There are two kinds of people in America, those who voted in the November 2016 election (almost 130 million) and those who didn’t.
It’s the same story every election cycle. Certain demographics get out and vote, certain ones typically don’t, and a lot of time has been spent studying the psychological, economical and environmental differences between these two groups.
For all their differences, we know for sure that regardless of whether an individual voted or not just about everyone has strong political values and opinions (many of them pessimistic, curiously). And for most people, those beliefs seem like they’re really, really hard to change.
But are political views harder to change than other beliefs?
Research on Political Beliefs
Researchers at the University of Southern California performed and published a study in December 2016. They gathered 40 people with strong political views – “liberals of deep conviction” according to the study, and then measured these peoples’ brain activity while they engaged in arguments that didn’t align with their beliefs.
It wasn’t just political beliefs, however. These individuals were shown a statement that they agreed with, followed by five counterarguments contesting that statement, and then they were shown the statement one more time. Based on the brain activity, researchers could discern how vigorously individuals would defend each belief.
After analyzing the data, researchers discovered that political views were significantly harder to change than other types of opinions.
Politics are a sensitive topic because of something called cultural cognition.
Cultural cognition dictates that people form opinions to match the groups with which we identify most strongly. People crave group acceptance, group strength and group dominance. It’s primal, a holdover from pre-society: when a person’s selected group is stronger, his or her survival chances increase.
Politics happens to be a pillar of modern culture, and therefore, one of the strongest connections people have to their groups. It’s a direct line to the cultural cognition that kept our ancestors alive.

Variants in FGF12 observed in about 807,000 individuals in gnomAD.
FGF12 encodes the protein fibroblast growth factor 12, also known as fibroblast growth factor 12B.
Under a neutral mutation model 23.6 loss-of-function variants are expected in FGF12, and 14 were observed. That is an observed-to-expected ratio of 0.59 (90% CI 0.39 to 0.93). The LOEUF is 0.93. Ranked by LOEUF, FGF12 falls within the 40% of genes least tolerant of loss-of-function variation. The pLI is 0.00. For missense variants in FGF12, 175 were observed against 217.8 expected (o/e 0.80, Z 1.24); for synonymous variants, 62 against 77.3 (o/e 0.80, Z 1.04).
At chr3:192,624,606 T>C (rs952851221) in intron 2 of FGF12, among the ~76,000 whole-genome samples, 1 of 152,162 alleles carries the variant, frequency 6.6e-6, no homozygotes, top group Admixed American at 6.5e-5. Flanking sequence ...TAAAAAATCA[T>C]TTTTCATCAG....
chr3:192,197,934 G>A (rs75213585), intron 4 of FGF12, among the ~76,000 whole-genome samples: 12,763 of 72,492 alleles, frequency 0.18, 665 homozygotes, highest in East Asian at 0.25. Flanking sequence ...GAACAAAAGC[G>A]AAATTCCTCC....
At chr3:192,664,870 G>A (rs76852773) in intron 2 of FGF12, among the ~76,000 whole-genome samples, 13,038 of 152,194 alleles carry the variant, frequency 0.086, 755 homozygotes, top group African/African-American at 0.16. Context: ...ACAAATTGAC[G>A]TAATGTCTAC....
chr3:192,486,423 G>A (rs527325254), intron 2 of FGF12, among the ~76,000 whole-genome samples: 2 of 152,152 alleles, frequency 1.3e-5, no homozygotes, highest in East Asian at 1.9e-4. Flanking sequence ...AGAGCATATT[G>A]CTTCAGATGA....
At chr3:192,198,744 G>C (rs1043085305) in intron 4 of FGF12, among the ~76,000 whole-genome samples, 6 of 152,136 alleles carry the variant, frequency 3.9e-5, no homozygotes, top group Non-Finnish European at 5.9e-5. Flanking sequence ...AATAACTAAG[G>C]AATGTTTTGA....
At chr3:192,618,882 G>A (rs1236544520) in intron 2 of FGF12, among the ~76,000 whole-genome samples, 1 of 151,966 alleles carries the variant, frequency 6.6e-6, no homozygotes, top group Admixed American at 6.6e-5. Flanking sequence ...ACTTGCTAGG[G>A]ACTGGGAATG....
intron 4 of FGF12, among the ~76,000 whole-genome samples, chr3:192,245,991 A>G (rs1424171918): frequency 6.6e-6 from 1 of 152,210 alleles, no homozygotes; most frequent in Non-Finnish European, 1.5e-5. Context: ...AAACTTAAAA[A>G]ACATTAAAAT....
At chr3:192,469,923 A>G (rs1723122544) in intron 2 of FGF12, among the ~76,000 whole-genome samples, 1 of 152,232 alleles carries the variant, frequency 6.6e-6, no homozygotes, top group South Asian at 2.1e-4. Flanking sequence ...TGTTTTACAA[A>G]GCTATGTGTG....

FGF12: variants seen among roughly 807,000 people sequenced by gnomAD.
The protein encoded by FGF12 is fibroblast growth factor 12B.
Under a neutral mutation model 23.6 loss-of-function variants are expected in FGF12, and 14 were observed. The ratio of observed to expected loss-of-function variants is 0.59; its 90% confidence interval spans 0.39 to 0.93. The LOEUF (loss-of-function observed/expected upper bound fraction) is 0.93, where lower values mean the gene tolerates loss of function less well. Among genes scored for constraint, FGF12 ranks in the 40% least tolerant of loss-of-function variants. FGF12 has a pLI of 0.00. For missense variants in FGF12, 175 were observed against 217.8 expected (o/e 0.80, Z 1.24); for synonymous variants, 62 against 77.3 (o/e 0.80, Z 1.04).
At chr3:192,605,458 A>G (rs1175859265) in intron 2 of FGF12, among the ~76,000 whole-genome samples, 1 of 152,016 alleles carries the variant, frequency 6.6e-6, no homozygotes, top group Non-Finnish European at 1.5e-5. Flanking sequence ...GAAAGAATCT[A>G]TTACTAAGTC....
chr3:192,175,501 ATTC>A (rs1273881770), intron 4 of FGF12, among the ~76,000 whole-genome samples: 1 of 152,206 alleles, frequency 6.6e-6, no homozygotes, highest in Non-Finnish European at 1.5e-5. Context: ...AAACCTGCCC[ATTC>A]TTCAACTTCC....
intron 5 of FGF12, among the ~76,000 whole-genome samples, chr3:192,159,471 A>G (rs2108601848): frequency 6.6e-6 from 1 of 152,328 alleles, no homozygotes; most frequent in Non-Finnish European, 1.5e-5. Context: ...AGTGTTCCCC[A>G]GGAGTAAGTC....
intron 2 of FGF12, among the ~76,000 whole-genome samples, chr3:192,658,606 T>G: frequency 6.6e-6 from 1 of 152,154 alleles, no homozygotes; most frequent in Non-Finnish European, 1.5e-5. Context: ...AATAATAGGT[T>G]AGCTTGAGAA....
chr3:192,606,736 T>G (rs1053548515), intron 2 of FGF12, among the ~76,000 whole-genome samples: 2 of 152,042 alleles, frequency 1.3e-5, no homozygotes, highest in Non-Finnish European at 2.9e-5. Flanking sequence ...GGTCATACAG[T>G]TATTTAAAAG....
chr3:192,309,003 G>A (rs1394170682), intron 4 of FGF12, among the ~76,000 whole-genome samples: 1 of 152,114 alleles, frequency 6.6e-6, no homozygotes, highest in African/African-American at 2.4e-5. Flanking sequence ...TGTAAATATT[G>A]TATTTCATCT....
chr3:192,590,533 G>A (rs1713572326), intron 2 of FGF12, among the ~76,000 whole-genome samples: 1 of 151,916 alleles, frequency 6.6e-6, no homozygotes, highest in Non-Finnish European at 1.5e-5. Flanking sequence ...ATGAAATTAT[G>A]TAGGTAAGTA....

Talking About Politics
Talking about politics is hard, so hard, that it’s an infamously taboo topic to bring up at social events. But, if it’s communicated effectively, it doesn’t have to be.
Psychology is the study of the mind, but it’s also the study of behavior. Many times, when a well-meaning individual accidentally incites an argument about politics, it’s has little to do with a difference in beliefs and more to do with the behavior exhibited in the conversation.
Here are a few rules that will help clear up those political arguments almost instantly.
- Understand that communication is an engagement between a Sender (talker) and a Receiver (listener).
- When you’re Sending a message in a conversation, be empathetic to your Receiver. Use words and actions that the Receiver can clearly understand. Many arguments start because of misunderstandings or confusion, and this small adjustment is the most effective way to maximize clarity in a discussion.
- When you’re Receiving a message, don’t hurry to immediately interpret everything you hear. Instead, check in for understanding by rephrasing the Sender’s statement and asking for confirmation. “I just want to clarify. You’re telling me. …”
Political discussion is about exchanging thoughts, ideas and aspirations. Take the time to communicate effectively and listen closely, and it can be an enriching experience instead of a contentious one.